Tony Award-winning actor and playwright Harvey Fierstein re-creates his role as the unsinkable Arnold Beckoff in this film adaptation of the smash Broadway play TORCH SONG TRILOGY. A very ...
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Michael T. Weiss,
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Tony Award-winning actor and playwright Harvey Fierstein re-creates his role as the unsinkable Arnold Beckoff in this film adaptation of the smash Broadway play TORCH SONG TRILOGY. A very personal story that is both funny and poignant, TORCH SONG TRILOGY chronicles a New Yorker's search for love, respect and tradition in a world that seems not especially made for him. From Arnold's hilarious steps toward domestic bliss with a reluctant school teacher, to his first truly promising love affair with a young fashion model, Arnold's greatest challenge remains his complicated relationship with his mother. But armed with a keenly developed sense of humor and oftentimes piercing wit, Arnold continues to test the commonly accepted terms of endearment--and endurance--in a universally affecting story that confirms that happiness is well worth carrying a torch for.Written by
The film was made and released about six years after its source stage play of the same name by Harvey Fierstein had been first performed in 1982. Fierstein also reprized his stage role and penned the screenplay for this film version. See more »
Arnold hires a car service to take him and Ma to the cemetery, and the car is seen waiting for them. But when Ma storms off and leaves in the car, it's not the same driver that brought them to the cemetery. See more »
Personally, I never enjoy sex with someone I know.
Our Lady of High Standards!
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Torch Song Trilogy is so called because its acts were originally presented one-by-one, months apart, at the off-Broadway La Mama Theater. It is done with a sparse set and few props, letting the incredibly funny, amazingly touching script fuel the play.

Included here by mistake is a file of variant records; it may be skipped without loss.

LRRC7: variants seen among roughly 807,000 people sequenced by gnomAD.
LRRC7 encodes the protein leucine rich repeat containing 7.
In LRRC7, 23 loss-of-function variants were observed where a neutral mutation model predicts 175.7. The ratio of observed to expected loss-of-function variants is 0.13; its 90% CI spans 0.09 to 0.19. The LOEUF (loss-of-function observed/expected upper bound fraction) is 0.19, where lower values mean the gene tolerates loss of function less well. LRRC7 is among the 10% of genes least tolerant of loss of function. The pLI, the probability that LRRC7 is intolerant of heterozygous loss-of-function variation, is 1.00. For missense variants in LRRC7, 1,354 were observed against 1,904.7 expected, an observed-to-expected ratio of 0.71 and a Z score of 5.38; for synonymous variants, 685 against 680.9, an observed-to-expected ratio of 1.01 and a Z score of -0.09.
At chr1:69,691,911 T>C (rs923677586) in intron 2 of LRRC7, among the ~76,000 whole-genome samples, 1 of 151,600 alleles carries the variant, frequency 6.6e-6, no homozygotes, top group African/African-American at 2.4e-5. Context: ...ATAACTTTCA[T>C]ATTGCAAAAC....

The movie version is done much more realistically, and it works! Things that are merely discussed in the play are shown to viewers. The cast is wonderfully realistic (Brian Kerwin is a bit stiff, but it works for the character of Ed.) and the script is just as good as the stage play. So many books and plays are adapted into something that is barely recognizable, but Fierstein makes his own script into something even more special.
The story benefits from the larger scope allowed by the movie.
We get to SEE the drag club, the bars, Arnold's (bunny-motif) apartment, Ed's country house and other locations merely hinted at in the play. The scenes that take place during and after the visit to the country house are somewhat confusing on stage, performed in a huge bed, but are beautifully edited in the movie. Best of all is Arnold's best friend, Murray, only talked about in the stage production. But in the movie, he's brought to magnificent life by Ken Page, filling the screen with his usual warmth and wit.
Harvey Fierstein has said that he hopes TST is like an Indian dress, made beautiful by all the little mirrors that decorate it. And truly, it is seeing and hearing *ourselves* that makes this script sparkle. You don't have to be a female impersonator to understand love and loss and laughter. This is NOT just a movie for gay men.
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